Digital Nomads- 5 Mistakes to Avoid
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Digital Nomads-5 Mistakes to Avoid-Are you longing to be a digital nomad?
Digital Nomads-5 Mistakes to Avoid-The pandemic launched a new remote work revolution that is taking hold permanently. Having worked remotely for the last ten years as a business owner, I can attest to the fact that flexible working hours and locations do not make for a perpetual vacation. Building a business or simply earning enough to travel the world without having to report to an office takes discipline. In reality, it can be harder than it looks but worth it in the end.
Are you longing to be a digital nomad?
The pandemic has created the need to work apart from a fixed location. The result is a series of new work options:
- Using your home full-time as your office.
- Working flex-time not a traditional 9 AM to 5 PM work day.
- Having a “hybrid” schedule that combines traditional work in a fixed location with a partial schedule set in a virtual office.
Prior to the pandemic, digital nomads at home or abroad were primarily comprised of young bloggers, IT professionals and self-employed entrepreneurs. As the market has evolved, working offsite or virtually is now popular among both recent graduates and seasoned executives.
Companies have two good reasons for agreeing to remote work. First, they have been having a hard time filling openings. To make matters worse, many employees are leaving jobs in droves. This has been dubbed the “Great Resignation”. Secondly, the former can reduce operating costs generated by full-service offices.
Digital Nomads-5 Mistakes to Avoid
Here are some of the lessons learned in my decade’s experience:
1. Underestimating the cost of living at home or abroad:
If you do not have a housing allowance through an employer or substantial savings, finding cost-effective housing can be a real challenge. We have been tracking global housing costs almost daily for the past two years. We have focused on travelers from around the world relocating to work, to study abroad or a partner at a new location. As a long-time Washington, DC resident, I was shocked to see how expensive renting or buying a house or condo is all around the world. While prices in SE Asia can be really low, living with modern conveniences in expat communities has often been priced at $250,000 for a condominium or rents of $1,400/month.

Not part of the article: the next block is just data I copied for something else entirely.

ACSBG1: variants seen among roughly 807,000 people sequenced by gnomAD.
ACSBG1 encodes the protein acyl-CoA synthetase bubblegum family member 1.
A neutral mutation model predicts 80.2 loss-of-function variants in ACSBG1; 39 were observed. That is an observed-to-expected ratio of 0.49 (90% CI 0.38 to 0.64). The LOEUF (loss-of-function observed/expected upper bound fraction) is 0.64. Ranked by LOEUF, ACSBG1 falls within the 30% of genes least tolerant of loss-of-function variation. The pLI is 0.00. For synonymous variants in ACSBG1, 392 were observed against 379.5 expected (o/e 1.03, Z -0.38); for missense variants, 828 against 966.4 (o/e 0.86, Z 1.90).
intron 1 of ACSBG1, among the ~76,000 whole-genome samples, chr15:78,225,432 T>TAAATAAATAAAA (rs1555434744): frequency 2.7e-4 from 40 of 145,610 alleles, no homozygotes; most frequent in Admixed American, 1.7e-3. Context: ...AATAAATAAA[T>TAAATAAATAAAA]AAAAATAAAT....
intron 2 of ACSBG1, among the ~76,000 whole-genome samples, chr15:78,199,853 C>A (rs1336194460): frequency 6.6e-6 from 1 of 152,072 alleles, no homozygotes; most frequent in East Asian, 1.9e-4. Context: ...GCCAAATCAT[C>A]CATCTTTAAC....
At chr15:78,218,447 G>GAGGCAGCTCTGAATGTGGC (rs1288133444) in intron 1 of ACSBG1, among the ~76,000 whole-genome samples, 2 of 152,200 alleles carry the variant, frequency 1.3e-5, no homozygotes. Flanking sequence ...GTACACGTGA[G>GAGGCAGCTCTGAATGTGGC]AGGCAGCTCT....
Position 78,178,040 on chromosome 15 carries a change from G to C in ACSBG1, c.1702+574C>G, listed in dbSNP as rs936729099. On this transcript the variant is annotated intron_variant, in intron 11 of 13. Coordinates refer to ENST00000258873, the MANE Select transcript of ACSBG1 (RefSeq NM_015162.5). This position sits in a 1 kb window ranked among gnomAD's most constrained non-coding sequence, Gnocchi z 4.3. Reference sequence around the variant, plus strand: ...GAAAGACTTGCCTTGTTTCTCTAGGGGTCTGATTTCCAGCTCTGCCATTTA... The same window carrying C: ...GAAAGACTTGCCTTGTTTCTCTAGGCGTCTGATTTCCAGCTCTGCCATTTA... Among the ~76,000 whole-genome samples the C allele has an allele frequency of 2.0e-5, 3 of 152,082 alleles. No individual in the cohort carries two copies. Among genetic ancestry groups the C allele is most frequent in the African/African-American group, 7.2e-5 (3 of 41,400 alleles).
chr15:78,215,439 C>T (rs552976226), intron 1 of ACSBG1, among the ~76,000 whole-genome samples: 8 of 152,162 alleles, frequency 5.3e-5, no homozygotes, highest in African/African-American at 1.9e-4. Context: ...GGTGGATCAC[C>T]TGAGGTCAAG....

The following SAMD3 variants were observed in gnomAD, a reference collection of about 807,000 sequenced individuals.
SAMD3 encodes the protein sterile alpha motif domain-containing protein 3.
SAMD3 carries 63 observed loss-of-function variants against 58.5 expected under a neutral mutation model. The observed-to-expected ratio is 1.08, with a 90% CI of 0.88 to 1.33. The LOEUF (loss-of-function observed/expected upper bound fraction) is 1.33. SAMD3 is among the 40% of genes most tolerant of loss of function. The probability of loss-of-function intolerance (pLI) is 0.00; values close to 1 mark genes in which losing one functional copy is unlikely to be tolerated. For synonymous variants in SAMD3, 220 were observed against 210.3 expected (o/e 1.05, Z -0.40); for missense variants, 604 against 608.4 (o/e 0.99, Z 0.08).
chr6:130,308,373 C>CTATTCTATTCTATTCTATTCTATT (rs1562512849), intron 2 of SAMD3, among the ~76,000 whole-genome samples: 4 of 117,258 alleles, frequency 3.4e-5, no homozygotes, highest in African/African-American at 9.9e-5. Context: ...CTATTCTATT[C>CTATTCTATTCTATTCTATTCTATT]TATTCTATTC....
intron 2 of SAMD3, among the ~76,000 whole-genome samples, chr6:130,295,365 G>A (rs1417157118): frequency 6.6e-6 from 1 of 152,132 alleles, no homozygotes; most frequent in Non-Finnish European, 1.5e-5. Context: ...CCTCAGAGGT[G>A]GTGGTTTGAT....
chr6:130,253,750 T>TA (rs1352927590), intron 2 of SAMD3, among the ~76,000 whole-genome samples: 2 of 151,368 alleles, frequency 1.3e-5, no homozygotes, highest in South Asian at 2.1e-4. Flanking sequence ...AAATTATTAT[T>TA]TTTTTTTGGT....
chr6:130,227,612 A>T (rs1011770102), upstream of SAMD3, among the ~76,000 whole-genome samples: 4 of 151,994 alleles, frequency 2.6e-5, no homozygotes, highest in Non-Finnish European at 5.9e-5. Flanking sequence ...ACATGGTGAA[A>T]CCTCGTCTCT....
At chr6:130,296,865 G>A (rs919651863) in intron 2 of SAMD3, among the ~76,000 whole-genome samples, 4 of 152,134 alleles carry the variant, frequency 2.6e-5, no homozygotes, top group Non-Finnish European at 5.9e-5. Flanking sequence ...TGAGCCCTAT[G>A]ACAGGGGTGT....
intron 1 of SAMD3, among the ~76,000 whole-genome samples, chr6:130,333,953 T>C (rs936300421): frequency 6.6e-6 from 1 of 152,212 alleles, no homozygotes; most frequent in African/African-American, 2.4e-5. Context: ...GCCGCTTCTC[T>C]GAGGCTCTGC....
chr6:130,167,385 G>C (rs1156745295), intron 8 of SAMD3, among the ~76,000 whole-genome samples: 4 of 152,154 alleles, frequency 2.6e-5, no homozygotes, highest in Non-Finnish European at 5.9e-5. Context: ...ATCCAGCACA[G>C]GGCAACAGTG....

In major urban areas whether relocating in North America or abroad, housing prices are generally higher in the center city. The lure of nightlife, easy shopping and premier cultural events make living in-town very competitively priced unless you have a roommate.
Suburban apartments and housing tend to have better pricing. However, the time lost to fighting traffic and expense of a car can torpedo any savings. Check out public transportation before signing a lease.
2. Assuming adequate infrastructure will be available:
Even here in the United States national capitol, infrastructure can be a work in progress as technology advances. As recently as 2020, I found this out the hard way. As Zoom and other video chats replaced in-person meetings during the pandemic, I quickly found out that we needed a major upgrade to have the speed for virtual meetings. Even that recently, high-speed FIOS offered by the major US provider Verizon was not available at our in-town neighborhood zip code. Located just minutes from the White House, how was this even possible? Luckily, cable via Comcast came to the rescue.
In Asia and the Middle East, new construction is likely to equal or exceed the IT infrastructure that you will need to work remotely. However, in charming, historic areas in the US and Europe, be sure to find out in advance if high-speed internet is common.
3. Not identifying cheap and available IT support:
This weekend I found myself walking my laptop to a local service provider. Although my laptop was a top quality two year-old model, I found my battery no longer retained a charge. Added to the challenge: the keyboard has a mind of its own…If you input “dog” you may get a “doog”. In contrast, if you have the misfortune of having to type the number “6”, you may need a hammer to cajole that key into cooperating.
As a result, if you are working outside a conventional office, find out what remote help is available as well as in-person repair and/or hardware services. An alternative is finding hourly-based virtual offices or office sharing.
Digital Nomads-Local Rules/Schedules:
4. Overlooking local taxes or licensing requirements:
More and more countries are offering new flexible one year work visas to make up for lost tourist dollars. Check the requirements carefully. In early 2022, the Czech Republic is one example of the multi-faceted forms this can take:
Trade license required for certain occupations.
Housing proof for the year’s residence.
Verification of a minimum bank account of €5,587.
Local monthly tax requirements of about 1,800 Kč ($80 USD).
5. Failing to set work hours after adjusting for time zones:
If you are now living your dream, i.e., having relocated to an iconic beach, world-class ski slopes or charming Old World villages, remind yourself daily: “I am not on vacation”.
Be sure to:
- Schedule a work week that is expected in your industry.
- If paid hourly, plan enough hours to match your expenses and at least a small savings.
- Coordinate time zones that you will need to speak with employers, clients and vendors.
For more practical advice on becoming a digital nomad, see our updated post:
“Digital Nomad Revolution-Solo Travelers Natural Fit“
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